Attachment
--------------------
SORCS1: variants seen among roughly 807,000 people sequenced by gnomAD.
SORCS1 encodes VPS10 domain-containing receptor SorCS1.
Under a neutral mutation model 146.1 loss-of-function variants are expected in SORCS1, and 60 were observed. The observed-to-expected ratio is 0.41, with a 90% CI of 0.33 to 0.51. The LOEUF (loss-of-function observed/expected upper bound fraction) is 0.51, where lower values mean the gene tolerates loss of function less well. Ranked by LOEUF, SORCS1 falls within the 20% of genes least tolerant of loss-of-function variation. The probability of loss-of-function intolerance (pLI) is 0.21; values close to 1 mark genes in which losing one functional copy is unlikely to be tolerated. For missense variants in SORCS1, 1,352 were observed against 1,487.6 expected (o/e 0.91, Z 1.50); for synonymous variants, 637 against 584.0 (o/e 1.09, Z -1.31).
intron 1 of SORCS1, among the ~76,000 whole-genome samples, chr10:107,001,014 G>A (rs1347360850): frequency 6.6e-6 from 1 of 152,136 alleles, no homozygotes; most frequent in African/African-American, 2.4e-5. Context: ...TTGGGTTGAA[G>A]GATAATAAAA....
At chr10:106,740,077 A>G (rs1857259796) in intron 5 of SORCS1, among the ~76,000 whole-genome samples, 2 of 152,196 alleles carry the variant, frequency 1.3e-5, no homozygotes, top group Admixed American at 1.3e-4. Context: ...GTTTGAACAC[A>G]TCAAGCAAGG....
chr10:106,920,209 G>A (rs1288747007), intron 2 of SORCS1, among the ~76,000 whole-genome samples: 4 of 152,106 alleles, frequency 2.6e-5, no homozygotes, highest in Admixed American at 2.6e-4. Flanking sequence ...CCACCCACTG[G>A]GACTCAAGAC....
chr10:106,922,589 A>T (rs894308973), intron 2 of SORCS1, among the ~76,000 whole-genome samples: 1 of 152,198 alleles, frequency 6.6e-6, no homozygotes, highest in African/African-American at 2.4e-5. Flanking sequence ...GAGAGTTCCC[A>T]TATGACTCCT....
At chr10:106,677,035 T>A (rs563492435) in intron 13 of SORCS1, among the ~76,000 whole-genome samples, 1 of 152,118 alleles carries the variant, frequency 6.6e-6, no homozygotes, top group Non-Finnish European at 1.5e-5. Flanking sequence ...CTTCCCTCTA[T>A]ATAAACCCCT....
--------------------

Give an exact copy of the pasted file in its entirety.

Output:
SORCS1: variants seen among roughly 807,000 people sequenced by gnomAD.
SORCS1 encodes VPS10 domain-containing receptor SorCS1.
Under a neutral mutation model 146.1 loss-of-function variants are expected in SORCS1, and 60 were observed. The observed-to-expected ratio is 0.41, with a 90% CI of 0.33 to 0.51. The LOEUF (loss-of-function observed/expected upper bound fraction) is 0.51, where lower values mean the gene tolerates loss of function less well. Ranked by LOEUF, SORCS1 falls within the 20% of genes least tolerant of loss-of-function variation. The probability of loss-of-function intolerance (pLI) is 0.21; values close to 1 mark genes in which losing one functional copy is unlikely to be tolerated. For missense variants in SORCS1, 1,352 were observed against 1,487.6 expected (o/e 0.91, Z 1.50); for synonymous variants, 637 against 584.0 (o/e 1.09, Z -1.31).
intron 1 of SORCS1, among the ~76,000 whole-genome samples, chr10:107,001,014 G>A (rs1347360850): frequency 6.6e-6 from 1 of 152,136 alleles, no homozygotes; most frequent in African/African-American, 2.4e-5. Context: ...TTGGGTTGAA[G>A]GATAATAAAA....
At chr10:106,740,077 A>G (rs1857259796) in intron 5 of SORCS1, among the ~76,000 whole-genome samples, 2 of 152,196 alleles carry the variant, frequency 1.3e-5, no homozygotes, top group Admixed American at 1.3e-4. Context: ...GTTTGAACAC[A>G]TCAAGCAAGG....
chr10:106,920,209 G>A (rs1288747007), intron 2 of SORCS1, among the ~76,000 whole-genome samples: 4 of 152,106 alleles, frequency 2.6e-5, no homozygotes, highest in Admixed American at 2.6e-4. Flanking sequence ...CCACCCACTG[G>A]GACTCAAGAC....
chr10:106,922,589 A>T (rs894308973), intron 2 of SORCS1, among the ~76,000 whole-genome samples: 1 of 152,198 alleles, frequency 6.6e-6, no homozygotes, highest in African/African-American at 2.4e-5. Flanking sequence ...GAGAGTTCCC[A>T]TATGACTCCT....
At chr10:106,677,035 T>A (rs563492435) in intron 13 of SORCS1, among the ~76,000 whole-genome samples, 1 of 152,118 alleles carries the variant, frequency 6.6e-6, no homozygotes, top group Non-Finnish European at 1.5e-5. Flanking sequence ...CTTCCCTCTA[T>A]ATAAACCCCT....